The Minister for Aged Care and Senior Australians is one of the tougher jobs going in Australian politics.
The present incumbent, Tasmanian Senator Richard Colbeck, got the job after the last federal election and bang in the middle of an aged care royal commission, whose commissioners have described the business at the heart of the minister’s new portfolio as “cruel and harmful”.
And now the sector faces a once in a generation pandemic, during which 16 people all over age 70 have died, and outbreaks have happened in several aged care home across the country.
This has led to tough new restrictions on who can come and go from aged care homes, with government limiting residents to two visitors a day for limited time periods and no outside entertainment allowed to enter.
These restrictions may become tighter still as the virus spreads and government advice changes, leading some advocates to worry about the rights of older Australians.
Peak bodies such as COTA are worried that providers are using the restrictions as an “excuse for unacceptable restraint on the rights of residents”, and others are worried that the worst abuses uncovered by the royal commission will now go on unchecked.
Minister Colbeck tells Aged Care Insite: “The advice from the HPPC was to put the measures in place. It’s caused some dislocation in some areas. It’s caused some concern in others. And the way that it’s managed is just as important and I’ve had that conversation with the sector and with the aged care quality and safety commissioner.
“The quality standards don’t go away because of the current circumstances around COVID-19, so we still expect that providers across Australia continue to comply with the quality standards. The quality standards take into account quite significantly the needs of the residents. The new quality standard is very much a resident-focused approach.”
Of the outbreaks at facilities in Western Australia, South Australia, Victoria, Queensland and New South Wales, Colbeck says that these homes have immediate engagement from the state health authority which continues through the outbreak. He says that every aged care provider in Australia had been contacted by the Aged Care Quality and Safety Commissioner as part of its promised COVID-19 audits of poor performers.
As for the workforce, Colbeck says the government is constantly working on strategies for a scenario where a portion of aged care staff fall ill or even walk off the job, as was the case at the Dorothy Henderson Lodge facility.
“We’ve been working to ensure that there is an available surge workforce in the circumstance where we do get an outbreak within a facility, particularly if it has a direct impact on staffing,” he says.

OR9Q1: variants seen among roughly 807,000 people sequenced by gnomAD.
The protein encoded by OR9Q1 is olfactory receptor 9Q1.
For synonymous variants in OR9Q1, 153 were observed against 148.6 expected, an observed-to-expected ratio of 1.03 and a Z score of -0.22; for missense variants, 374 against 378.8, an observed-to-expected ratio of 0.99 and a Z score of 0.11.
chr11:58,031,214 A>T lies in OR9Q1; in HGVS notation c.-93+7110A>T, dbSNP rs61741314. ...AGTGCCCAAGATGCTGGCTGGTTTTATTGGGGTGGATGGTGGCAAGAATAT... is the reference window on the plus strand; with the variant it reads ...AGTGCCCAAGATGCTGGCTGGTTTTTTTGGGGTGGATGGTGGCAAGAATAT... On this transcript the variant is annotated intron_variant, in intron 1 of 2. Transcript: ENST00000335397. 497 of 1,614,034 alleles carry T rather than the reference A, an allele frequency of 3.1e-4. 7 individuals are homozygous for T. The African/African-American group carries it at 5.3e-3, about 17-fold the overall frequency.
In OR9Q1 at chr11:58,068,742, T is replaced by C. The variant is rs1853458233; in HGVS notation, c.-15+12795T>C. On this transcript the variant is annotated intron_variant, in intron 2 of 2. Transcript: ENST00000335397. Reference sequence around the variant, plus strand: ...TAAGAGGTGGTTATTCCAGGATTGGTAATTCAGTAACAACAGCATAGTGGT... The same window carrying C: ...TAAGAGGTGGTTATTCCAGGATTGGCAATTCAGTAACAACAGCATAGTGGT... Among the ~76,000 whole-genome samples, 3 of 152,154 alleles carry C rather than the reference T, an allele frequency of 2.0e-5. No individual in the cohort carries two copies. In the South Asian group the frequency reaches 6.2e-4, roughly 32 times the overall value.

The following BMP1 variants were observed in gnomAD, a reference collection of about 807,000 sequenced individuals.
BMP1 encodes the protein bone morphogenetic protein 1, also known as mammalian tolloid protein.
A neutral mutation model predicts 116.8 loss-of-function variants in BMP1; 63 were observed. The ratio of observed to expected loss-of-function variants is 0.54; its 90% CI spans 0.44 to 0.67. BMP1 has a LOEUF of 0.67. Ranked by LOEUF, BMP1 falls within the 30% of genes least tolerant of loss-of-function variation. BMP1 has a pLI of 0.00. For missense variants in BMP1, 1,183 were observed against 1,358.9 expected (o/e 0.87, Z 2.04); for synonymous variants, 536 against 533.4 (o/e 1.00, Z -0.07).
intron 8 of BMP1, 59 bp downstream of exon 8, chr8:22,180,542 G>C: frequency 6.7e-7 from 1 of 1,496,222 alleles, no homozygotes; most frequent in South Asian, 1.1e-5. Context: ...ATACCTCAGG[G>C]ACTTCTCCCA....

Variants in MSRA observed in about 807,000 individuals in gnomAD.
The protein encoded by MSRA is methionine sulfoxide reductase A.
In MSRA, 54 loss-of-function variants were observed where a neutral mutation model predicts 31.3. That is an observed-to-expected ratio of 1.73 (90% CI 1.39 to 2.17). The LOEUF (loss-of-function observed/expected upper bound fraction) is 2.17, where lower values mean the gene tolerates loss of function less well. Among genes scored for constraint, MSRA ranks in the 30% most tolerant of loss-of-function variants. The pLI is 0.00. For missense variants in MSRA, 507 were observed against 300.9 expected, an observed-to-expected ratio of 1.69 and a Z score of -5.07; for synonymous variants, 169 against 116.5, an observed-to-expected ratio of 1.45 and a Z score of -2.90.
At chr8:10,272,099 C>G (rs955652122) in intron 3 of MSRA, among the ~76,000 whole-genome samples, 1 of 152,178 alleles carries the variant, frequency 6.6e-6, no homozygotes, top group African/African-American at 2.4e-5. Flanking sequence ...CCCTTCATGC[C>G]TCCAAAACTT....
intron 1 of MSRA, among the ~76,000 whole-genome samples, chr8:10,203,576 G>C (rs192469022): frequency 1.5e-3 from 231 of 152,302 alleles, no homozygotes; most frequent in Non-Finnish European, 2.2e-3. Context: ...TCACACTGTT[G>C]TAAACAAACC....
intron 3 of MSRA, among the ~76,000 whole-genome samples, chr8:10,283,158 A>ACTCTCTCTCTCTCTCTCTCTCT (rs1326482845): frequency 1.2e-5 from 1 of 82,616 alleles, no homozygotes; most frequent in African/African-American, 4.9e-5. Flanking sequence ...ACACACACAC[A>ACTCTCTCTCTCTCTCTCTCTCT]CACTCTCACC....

“We announced last week a retention bonus for frontline staff who were working care workers and nurses in the facilities, so that we’d give them an incentive to continue to come to work. It’s extremely important that they do.
“Our capacity to look after senior Australians is dependent on those staff. And we continue to work with the facilities and other groups around ensuring there’s the capacity within the system.”
Colbeck says that the government is striving to make sure providers and staff have adequate PPE to feel safe and to carry out their work. And, as flu season approaches, he is also aiming to have flu vaccinations available to the aged care sector earlier than usual this year.
He says his department also has strategies in place for home care providers should any home care recipients contract COVID-19 or need to be in isolation, and these providers and their staff will have access to the PPE stockpile should the need arise.
The federal government has been accused at times of dragging its feet and sending mixed messages to the public during this pandemic, and it has also copped criticism from within the medical community.
An open letter, supported by the ANMF, has urged the government to lock down all non-essential services in Australia and has called on the government to better prepare and support frontline workers.
“We need more time and resources at the front line. Preparations remain incomplete. These include obtaining adequate supplies of PPE, training to use it properly and environmental changes to minimise the risk to staff from COVID-19,” the letter reads.
Colbeck remains unmoved and believes the government is currently acting on the best advice available.
“I’ll take the advice of the medical experts that are advising government through the HPPC. I think that’s the appropriate thing to do,” he says.
“I don’t think it’s helpful that we have other organisations who are creating levels of uncertainty in the community by making demands that don’t line up with what the medical experts who are providing advice to the government is.
“So I’ll continue to take the advice of the HPPC via the group of experts with a team of people behind them to provide the appropriate advice to government.”
On Thursday, part two of Aged Care Insite’s interview with Minister Richard Colbeck covers ACAT, the royal commission and how we can fund the system going into the future.Do you have an idea for a story?
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